The Lucy probe passes close to Earth before heading towards Jupiter’s asteroids

The Lucy probe passes close to Earth before heading towards Jupiter’s asteroids

His 12-year mission involves returning to Earth’s orbit to exploit the gravitational probe

Today, October 16, NASA’s Lucy probe, the first mission ever launched to Jupiter’s Trojan asteroids, will return to Earth skimming the atmosphere, passing into a very low orbit, only 350 kilometers high. Launched on October 16, 2021, Lucy will get the boost she needs from our planet’s gravitational slingshot to reach these asteroids never seen before. His journey will last another 11 years, the Trojan asteroids are on the same orbit as Jupiter accompanying him on his journey around the Sun.

The gravitational slingshot of the Earth will position Lucy on a new orbit that after two years will bring her back to our planet from which she will receive a second gravitational push that will give Lucy the speed to reach the main asteroid belt, between Mars and Jupiter, where she will observe the asteroid Donaldjohanson. Very little is known about the masses, chemical composition, rotation or other physical parameters of Jupiter’s Trojan asteroids which are the same age as the solar system and could therefore tell us a lot about its formation.

In this belt Lucy will pass close to six meteorites, gathering valuable data and information: Eurybates and its satellite Queta, Polymele and its satellite, Leucus and Orus. After this observation she will return to Earth to receive the third push, in 2030, which will allow her to reach a laro swarm of meteorites, this time at the tail of the planet Jupiter, to study a specific pair Patroclus and Menoetius, father and son in Greek mythology. , which make their journey in space gravitationally linked to each other.

Passing by the Earth, Lucy will pass on an orbit lower than even the International Space Station, so she will have to cross an area full of satellites and debris already in orbit around the planet. NASA has developed some procedures to anticipate any potential danger and, if necessary, to perform a small correction to avoid a collision. “The Lucy team has prepared two different maneuvers,” says Coralie Adam, deputy head of the Lucy navigation team of KinetX Aerospace in Simi Valley, California. “If the team detects that Lucy is at risk of colliding with a satellite or piece of debris, then, 12 hours before the closest approach to Earth, the spacecraft will perform one of these, altering the approach time by two or more. four seconds. This is a small correction, but it is enough to avoid a potentially catastrophic collision ”.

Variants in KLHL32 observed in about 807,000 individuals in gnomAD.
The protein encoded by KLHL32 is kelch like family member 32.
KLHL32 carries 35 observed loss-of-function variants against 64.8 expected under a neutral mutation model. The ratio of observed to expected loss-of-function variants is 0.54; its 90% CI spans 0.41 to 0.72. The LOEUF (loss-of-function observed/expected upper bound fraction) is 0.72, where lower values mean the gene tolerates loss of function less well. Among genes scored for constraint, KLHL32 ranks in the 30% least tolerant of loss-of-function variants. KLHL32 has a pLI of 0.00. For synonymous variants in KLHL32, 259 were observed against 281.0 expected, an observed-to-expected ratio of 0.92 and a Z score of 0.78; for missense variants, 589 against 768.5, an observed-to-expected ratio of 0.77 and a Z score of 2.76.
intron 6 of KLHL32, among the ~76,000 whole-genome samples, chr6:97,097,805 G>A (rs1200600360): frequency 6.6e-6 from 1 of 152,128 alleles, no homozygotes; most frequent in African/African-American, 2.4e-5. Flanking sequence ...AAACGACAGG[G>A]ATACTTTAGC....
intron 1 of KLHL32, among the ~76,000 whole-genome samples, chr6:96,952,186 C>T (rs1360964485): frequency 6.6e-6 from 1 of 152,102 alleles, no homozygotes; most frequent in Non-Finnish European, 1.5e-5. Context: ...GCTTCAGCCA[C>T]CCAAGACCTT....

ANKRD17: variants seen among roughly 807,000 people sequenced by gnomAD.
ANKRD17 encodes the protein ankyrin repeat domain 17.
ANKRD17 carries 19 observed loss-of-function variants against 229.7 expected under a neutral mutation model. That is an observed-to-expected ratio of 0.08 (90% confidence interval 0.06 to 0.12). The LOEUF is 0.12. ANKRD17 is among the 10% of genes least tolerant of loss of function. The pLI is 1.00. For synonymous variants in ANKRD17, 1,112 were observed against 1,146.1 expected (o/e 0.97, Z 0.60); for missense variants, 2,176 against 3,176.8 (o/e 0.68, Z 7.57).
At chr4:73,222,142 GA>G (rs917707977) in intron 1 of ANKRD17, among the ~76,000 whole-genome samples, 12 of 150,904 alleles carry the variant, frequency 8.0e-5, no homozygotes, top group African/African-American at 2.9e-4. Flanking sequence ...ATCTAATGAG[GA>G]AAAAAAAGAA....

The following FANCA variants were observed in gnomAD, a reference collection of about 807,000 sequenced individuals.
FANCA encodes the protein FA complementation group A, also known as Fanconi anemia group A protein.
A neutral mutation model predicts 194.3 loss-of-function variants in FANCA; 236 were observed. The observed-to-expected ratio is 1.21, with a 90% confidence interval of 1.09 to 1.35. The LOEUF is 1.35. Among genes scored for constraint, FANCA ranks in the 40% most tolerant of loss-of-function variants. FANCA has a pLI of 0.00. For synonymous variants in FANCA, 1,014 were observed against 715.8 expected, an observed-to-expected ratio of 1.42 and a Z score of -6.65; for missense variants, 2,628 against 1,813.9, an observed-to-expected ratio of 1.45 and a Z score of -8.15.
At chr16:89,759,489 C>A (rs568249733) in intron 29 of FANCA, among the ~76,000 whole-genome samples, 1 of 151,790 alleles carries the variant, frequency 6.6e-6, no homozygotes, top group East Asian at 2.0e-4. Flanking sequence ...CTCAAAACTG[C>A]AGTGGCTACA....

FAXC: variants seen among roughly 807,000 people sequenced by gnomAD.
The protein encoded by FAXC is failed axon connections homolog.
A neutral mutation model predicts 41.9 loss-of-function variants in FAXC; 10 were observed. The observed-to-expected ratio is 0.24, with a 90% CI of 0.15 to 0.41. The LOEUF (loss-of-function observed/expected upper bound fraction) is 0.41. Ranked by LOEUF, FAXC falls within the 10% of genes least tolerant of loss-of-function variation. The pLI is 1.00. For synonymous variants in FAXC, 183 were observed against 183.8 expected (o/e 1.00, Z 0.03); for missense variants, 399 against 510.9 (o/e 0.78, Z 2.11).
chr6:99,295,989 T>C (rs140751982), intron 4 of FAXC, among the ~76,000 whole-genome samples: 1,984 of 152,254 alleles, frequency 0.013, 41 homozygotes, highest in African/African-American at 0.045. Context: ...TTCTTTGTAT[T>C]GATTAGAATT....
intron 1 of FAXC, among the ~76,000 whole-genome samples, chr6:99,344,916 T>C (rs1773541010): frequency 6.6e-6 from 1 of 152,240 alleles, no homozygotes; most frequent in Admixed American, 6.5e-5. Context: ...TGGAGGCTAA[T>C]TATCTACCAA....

Lucy will first be visible to ground observers in Western Australia at around 6:55 pm local time. It will fly over the Pacific Ocean in the Earth’s shadow cone and emerge from the darkness of the Earth over the western United States from where it will be visible even with the help of a simple binolculum.

“The last time we saw the spacecraft, it was on the launch pad,” said Hal Levison, Lucy’s principal investigator at the Southwest Research Institute (SwRI) in Boulder, Colorado. “And this time Lucy will be in the sky.” As she passes close to the Moon, Lucy will take a few more calibration images before continuing into interplanetary space. “I am particularly excited about the images Lucy will take of the Moon,” said John Spencer, deputy scientist of the SwRI project: “This will be the first opportunity to calibrate Lucy’s ability to detect craters by comparing it to previous observations of the Moon by other space missions “.